I have been looking into schedules. Even when we read physics, we inquire of each least particle, What then shall I do this morning? How we spend our days is, of course, how we spend our lives. What we do with this hour, and that one, is what we are doing. A schedule defends from chaos and whim. It is a net for catching days. It is a scaffolding on which a worker can stand and labor with both hands at sections of time.
On the first of each month,
a guest writer
how he or she spends the day.
November 1, 2015: Josephine Humphreys
Josephine Humphreys is one of the writers I was reading when I decided, I want to do what they do. In those days, I inhaled Dreams of Sleep, Rich in Love, The Fireman’s Fair, and I can no longer remember which one I read first. Perhaps my favorite is her debut–Dreams of Sleep, winner of the Hemingway Foundation/PEN Award. I’m partial to novels about marriages. I’ve read it at least twice and have underlinings all the way through (and notes like, “see p. 112”).
Late in the novel, there’s this passage:
Iris is glad the clothes don’t seem to fit. May they never fit! If she were their mother she’d teach them these things are nothing, the clothes and toys and furniture. These things fool people into thinking they must stay where the things are. Leave it all, she’d teach them, even your hopes, and all the dreams of safe, calm places. Go with what is most terrifying, the dizzying empty night and the lonely stars until night slows and you see the whole design. Always choose love over safety if you can tell the difference, she’d teach them.
When I started writing this post, I was struck by how captivating, and different one from the other, each of the openings of these three novels is.
Dreams of Sleep, published in 1984:
Before they wake, sunlight is on the house, moving on the high east wall and windows through old glass wavy as broken water, onto the hard bright floor of waxed pine. When Alice opens her eyes she sees its cool path stamped by the shadow of mullions, squares stretching to rhomboids of clear fall sun. Will sleeps behind her, his breath wisping her back. She loves the quiet of light and its mutable geometry, as those wizards did who chinked and slit their stones to let in messages from sun gods. The message to Alice is, Don’t move. Not till that first stamp of light touches the wide crack in the floorboards. Till then she is frozen. The room is frozen. Only two things may move–the slow light, and his feathery perfect breath between her shoulder blades.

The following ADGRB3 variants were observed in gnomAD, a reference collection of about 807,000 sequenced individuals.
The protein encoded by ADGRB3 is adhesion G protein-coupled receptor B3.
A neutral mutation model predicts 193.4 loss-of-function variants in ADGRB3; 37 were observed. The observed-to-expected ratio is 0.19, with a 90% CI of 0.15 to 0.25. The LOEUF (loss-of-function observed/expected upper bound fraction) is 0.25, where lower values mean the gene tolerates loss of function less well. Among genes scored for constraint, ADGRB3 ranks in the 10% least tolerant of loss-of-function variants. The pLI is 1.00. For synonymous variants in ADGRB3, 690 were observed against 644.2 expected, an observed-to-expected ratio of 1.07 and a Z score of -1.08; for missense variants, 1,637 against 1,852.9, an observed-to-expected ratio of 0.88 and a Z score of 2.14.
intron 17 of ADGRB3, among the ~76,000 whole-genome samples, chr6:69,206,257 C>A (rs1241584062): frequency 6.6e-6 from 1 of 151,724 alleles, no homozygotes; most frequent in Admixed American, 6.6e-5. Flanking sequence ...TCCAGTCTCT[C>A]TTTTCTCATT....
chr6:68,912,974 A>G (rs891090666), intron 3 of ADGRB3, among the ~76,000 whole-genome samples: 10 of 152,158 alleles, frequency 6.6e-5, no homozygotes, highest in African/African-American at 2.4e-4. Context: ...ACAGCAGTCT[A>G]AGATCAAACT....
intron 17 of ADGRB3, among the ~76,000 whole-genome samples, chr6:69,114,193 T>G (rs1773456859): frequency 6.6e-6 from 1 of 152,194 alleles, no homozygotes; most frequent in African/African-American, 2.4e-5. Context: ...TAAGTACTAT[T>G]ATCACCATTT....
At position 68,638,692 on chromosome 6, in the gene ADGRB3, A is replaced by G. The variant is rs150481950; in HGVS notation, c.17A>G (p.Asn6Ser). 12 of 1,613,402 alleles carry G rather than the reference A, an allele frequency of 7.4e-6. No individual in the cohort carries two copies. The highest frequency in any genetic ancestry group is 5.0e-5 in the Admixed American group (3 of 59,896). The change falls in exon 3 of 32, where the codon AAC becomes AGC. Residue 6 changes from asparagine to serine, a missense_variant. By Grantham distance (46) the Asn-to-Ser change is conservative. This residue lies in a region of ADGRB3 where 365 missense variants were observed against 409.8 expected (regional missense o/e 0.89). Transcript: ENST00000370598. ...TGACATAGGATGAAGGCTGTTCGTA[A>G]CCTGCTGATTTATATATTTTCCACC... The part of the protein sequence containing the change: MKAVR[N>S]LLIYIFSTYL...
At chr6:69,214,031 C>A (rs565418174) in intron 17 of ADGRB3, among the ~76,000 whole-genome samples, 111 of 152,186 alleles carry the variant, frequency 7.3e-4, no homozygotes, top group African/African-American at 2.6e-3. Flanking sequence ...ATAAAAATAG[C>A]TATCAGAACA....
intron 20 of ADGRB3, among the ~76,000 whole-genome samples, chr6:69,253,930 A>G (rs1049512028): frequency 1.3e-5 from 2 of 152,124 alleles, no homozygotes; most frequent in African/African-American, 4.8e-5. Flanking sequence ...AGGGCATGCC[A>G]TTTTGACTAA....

I’m a language nut so I’m swooning. And I love being inside a woman’s head. Plus, from the first paragraph we know there’s a “they,” a narrator who can move outside Alice’s head (before they wake), and that “they” is Alice and Will. Frozen is repeated. Alice sees the world in light and shapes and messages.
Rich in Love, published in 1987:
On an afternoon two years ago my life veered from its day-in day-out course and became for a short while the kind of life that can be told as a story–that is, one in which events appear to have meaning. Before, there had been nothing worth telling the world. We had our irregularities; but every family has something or other out of whack. We had my mother’s absent-mindedness, my sister’s abnormal beauty, my father’s innocence; and I was not without oddities of my own. We were characters, my friend Wayne said. But nothing about us was story material.